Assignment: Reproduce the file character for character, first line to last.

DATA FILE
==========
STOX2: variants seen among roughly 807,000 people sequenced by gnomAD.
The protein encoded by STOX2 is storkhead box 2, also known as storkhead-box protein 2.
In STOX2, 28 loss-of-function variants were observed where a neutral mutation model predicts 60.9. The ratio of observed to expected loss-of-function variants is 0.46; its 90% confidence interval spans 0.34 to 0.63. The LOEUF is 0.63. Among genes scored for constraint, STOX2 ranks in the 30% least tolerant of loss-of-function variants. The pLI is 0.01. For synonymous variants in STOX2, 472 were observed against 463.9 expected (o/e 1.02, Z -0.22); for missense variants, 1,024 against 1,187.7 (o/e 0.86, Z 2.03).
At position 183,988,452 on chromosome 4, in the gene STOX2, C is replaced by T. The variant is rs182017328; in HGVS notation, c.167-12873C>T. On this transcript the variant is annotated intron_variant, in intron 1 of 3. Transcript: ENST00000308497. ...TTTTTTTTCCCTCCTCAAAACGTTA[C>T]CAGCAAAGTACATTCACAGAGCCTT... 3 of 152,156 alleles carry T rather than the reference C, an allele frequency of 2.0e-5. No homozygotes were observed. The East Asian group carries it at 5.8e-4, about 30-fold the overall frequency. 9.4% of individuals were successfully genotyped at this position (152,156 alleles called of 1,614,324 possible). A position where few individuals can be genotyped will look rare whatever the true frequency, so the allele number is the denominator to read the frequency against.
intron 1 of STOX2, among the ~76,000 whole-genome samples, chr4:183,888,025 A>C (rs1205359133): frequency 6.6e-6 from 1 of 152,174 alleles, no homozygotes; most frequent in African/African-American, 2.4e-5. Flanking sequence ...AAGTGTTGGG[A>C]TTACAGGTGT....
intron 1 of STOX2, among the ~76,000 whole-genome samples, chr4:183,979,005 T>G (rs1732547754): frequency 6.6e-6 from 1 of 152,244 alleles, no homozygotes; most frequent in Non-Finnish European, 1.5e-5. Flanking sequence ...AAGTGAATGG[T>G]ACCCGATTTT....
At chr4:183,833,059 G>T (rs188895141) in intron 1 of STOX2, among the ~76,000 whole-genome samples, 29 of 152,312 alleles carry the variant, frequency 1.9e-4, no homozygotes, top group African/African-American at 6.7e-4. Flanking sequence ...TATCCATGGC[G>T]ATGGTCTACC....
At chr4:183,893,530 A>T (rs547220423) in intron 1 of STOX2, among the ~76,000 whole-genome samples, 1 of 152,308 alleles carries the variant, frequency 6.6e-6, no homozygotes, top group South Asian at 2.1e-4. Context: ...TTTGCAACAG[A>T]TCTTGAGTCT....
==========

STOX2: variants seen among roughly 807,000 people sequenced by gnomAD.
The protein encoded by STOX2 is storkhead box 2, also known as storkhead-box protein 2.
In STOX2, 28 loss-of-function variants were observed where a neutral mutation model predicts 60.9. The ratio of observed to expected loss-of-function variants is 0.46; its 90% confidence interval spans 0.34 to 0.63. The LOEUF is 0.63. Among genes scored for constraint, STOX2 ranks in the 30% least tolerant of loss-of-function variants. The pLI is 0.01. For synonymous variants in STOX2, 472 were observed against 463.9 expected (o/e 1.02, Z -0.22); for missense variants, 1,024 against 1,187.7 (o/e 0.86, Z 2.03).
At position 183,988,452 on chromosome 4, in the gene STOX2, C is replaced by T. The variant is rs182017328; in HGVS notation, c.167-12873C>T. On this transcript the variant is annotated intron_variant, in intron 1 of 3. Transcript: ENST00000308497. ...TTTTTTTTCCCTCCTCAAAACGTTA[C>T]CAGCAAAGTACATTCACAGAGCCTT... 3 of 152,156 alleles carry T rather than the reference C, an allele frequency of 2.0e-5. No homozygotes were observed. The East Asian group carries it at 5.8e-4, about 30-fold the overall frequency. 9.4% of individuals were successfully genotyped at this position (152,156 alleles called of 1,614,324 possible). A position where few individuals can be genotyped will look rare whatever the true frequency, so the allele number is the denominator to read the frequency against.
intron 1 of STOX2, among the ~76,000 whole-genome samples, chr4:183,888,025 A>C (rs1205359133): frequency 6.6e-6 from 1 of 152,174 alleles, no homozygotes; most frequent in African/African-American, 2.4e-5. Flanking sequence ...AAGTGTTGGG[A>C]TTACAGGTGT....
intron 1 of STOX2, among the ~76,000 whole-genome samples, chr4:183,979,005 T>G (rs1732547754): frequency 6.6e-6 from 1 of 152,244 alleles, no homozygotes; most frequent in Non-Finnish European, 1.5e-5. Flanking sequence ...AAGTGAATGG[T>G]ACCCGATTTT....
At chr4:183,833,059 G>T (rs188895141) in intron 1 of STOX2, among the ~76,000 whole-genome samples, 29 of 152,312 alleles carry the variant, frequency 1.9e-4, no homozygotes, top group African/African-American at 6.7e-4. Flanking sequence ...TATCCATGGC[G>T]ATGGTCTACC....
At chr4:183,893,530 A>T (rs547220423) in intron 1 of STOX2, among the ~76,000 whole-genome samples, 1 of 152,308 alleles carries the variant, frequency 6.6e-6, no homozygotes, top group South Asian at 2.1e-4. Context: ...TTTGCAACAG[A>T]TCTTGAGTCT....